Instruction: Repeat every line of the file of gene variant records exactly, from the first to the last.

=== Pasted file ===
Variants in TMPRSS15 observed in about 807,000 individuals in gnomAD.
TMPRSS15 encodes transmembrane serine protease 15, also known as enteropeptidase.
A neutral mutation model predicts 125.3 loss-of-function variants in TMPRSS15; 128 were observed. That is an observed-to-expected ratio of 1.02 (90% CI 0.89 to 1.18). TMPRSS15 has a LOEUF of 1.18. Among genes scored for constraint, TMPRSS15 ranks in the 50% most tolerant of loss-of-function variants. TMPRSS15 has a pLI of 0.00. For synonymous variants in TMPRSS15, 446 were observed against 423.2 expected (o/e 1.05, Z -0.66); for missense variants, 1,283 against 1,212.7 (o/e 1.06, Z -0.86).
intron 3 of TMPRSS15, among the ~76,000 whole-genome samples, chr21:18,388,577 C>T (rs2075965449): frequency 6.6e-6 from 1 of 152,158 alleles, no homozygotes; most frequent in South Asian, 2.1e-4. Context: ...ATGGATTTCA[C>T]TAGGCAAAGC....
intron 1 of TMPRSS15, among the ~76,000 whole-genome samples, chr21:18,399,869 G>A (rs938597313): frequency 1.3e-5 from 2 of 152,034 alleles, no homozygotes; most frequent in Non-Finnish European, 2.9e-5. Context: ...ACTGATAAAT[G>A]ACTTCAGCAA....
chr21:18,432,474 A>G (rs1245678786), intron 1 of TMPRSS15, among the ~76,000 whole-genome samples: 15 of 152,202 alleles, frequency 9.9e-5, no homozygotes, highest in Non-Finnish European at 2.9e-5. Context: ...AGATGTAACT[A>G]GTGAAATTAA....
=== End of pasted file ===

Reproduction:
Variants in TMPRSS15 observed in about 807,000 individuals in gnomAD.
TMPRSS15 encodes transmembrane serine protease 15, also known as enteropeptidase.
A neutral mutation model predicts 125.3 loss-of-function variants in TMPRSS15; 128 were observed. That is an observed-to-expected ratio of 1.02 (90% CI 0.89 to 1.18). TMPRSS15 has a LOEUF of 1.18. Among genes scored for constraint, TMPRSS15 ranks in the 50% most tolerant of loss-of-function variants. TMPRSS15 has a pLI of 0.00. For synonymous variants in TMPRSS15, 446 were observed against 423.2 expected (o/e 1.05, Z -0.66); for missense variants, 1,283 against 1,212.7 (o/e 1.06, Z -0.86).
intron 3 of TMPRSS15, among the ~76,000 whole-genome samples, chr21:18,388,577 C>T (rs2075965449): frequency 6.6e-6 from 1 of 152,158 alleles, no homozygotes; most frequent in South Asian, 2.1e-4. Context: ...ATGGATTTCA[C>T]TAGGCAAAGC....
intron 1 of TMPRSS15, among the ~76,000 whole-genome samples, chr21:18,399,869 G>A (rs938597313): frequency 1.3e-5 from 2 of 152,034 alleles, no homozygotes; most frequent in Non-Finnish European, 2.9e-5. Context: ...ACTGATAAAT[G>A]ACTTCAGCAA....
chr21:18,432,474 A>G (rs1245678786), intron 1 of TMPRSS15, among the ~76,000 whole-genome samples: 15 of 152,202 alleles, frequency 9.9e-5, no homozygotes, highest in Non-Finnish European at 2.9e-5. Context: ...AGATGTAACT[A>G]GTGAAATTAA....